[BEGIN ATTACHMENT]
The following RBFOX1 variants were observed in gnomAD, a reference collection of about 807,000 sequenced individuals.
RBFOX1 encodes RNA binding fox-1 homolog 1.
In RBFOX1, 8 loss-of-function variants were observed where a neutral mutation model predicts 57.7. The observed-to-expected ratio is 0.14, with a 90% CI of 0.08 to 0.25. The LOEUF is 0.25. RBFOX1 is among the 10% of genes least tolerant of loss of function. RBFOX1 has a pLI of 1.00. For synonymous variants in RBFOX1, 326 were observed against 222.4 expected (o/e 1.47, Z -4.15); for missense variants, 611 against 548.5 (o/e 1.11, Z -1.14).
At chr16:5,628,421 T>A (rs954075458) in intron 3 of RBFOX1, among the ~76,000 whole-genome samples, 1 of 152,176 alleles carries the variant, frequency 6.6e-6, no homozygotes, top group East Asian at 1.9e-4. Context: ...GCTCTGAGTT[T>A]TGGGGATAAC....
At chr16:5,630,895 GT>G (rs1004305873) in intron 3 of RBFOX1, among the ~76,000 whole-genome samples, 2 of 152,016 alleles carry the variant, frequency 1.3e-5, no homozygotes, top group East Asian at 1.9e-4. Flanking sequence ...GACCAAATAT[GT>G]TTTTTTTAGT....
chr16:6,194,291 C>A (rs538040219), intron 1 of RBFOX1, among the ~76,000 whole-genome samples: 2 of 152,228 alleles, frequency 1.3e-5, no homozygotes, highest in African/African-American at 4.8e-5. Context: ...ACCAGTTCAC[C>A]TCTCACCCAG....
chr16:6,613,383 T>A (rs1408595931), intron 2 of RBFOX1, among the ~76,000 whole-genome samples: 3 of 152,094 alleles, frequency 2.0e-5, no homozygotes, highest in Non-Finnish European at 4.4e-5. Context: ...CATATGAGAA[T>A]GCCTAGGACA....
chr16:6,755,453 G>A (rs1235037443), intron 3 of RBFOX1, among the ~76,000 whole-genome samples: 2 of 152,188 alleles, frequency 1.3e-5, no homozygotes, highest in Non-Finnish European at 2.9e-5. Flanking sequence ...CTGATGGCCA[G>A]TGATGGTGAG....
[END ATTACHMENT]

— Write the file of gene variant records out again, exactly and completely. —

The following RBFOX1 variants were observed in gnomAD, a reference collection of about 807,000 sequenced individuals.
RBFOX1 encodes RNA binding fox-1 homolog 1.
In RBFOX1, 8 loss-of-function variants were observed where a neutral mutation model predicts 57.7. The observed-to-expected ratio is 0.14, with a 90% CI of 0.08 to 0.25. The LOEUF is 0.25. RBFOX1 is among the 10% of genes least tolerant of loss of function. RBFOX1 has a pLI of 1.00. For synonymous variants in RBFOX1, 326 were observed against 222.4 expected (o/e 1.47, Z -4.15); for missense variants, 611 against 548.5 (o/e 1.11, Z -1.14).
At chr16:5,628,421 T>A (rs954075458) in intron 3 of RBFOX1, among the ~76,000 whole-genome samples, 1 of 152,176 alleles carries the variant, frequency 6.6e-6, no homozygotes, top group East Asian at 1.9e-4. Context: ...GCTCTGAGTT[T>A]TGGGGATAAC....
At chr16:5,630,895 GT>G (rs1004305873) in intron 3 of RBFOX1, among the ~76,000 whole-genome samples, 2 of 152,016 alleles carry the variant, frequency 1.3e-5, no homozygotes, top group East Asian at 1.9e-4. Flanking sequence ...GACCAAATAT[GT>G]TTTTTTTAGT....
chr16:6,194,291 C>A (rs538040219), intron 1 of RBFOX1, among the ~76,000 whole-genome samples: 2 of 152,228 alleles, frequency 1.3e-5, no homozygotes, highest in African/African-American at 4.8e-5. Context: ...ACCAGTTCAC[C>A]TCTCACCCAG....
chr16:6,613,383 T>A (rs1408595931), intron 2 of RBFOX1, among the ~76,000 whole-genome samples: 3 of 152,094 alleles, frequency 2.0e-5, no homozygotes, highest in Non-Finnish European at 4.4e-5. Context: ...CATATGAGAA[T>A]GCCTAGGACA....
chr16:6,755,453 G>A (rs1235037443), intron 3 of RBFOX1, among the ~76,000 whole-genome samples: 2 of 152,188 alleles, frequency 1.3e-5, no homozygotes, highest in Non-Finnish European at 2.9e-5. Flanking sequence ...CTGATGGCCA[G>A]TGATGGTGAG....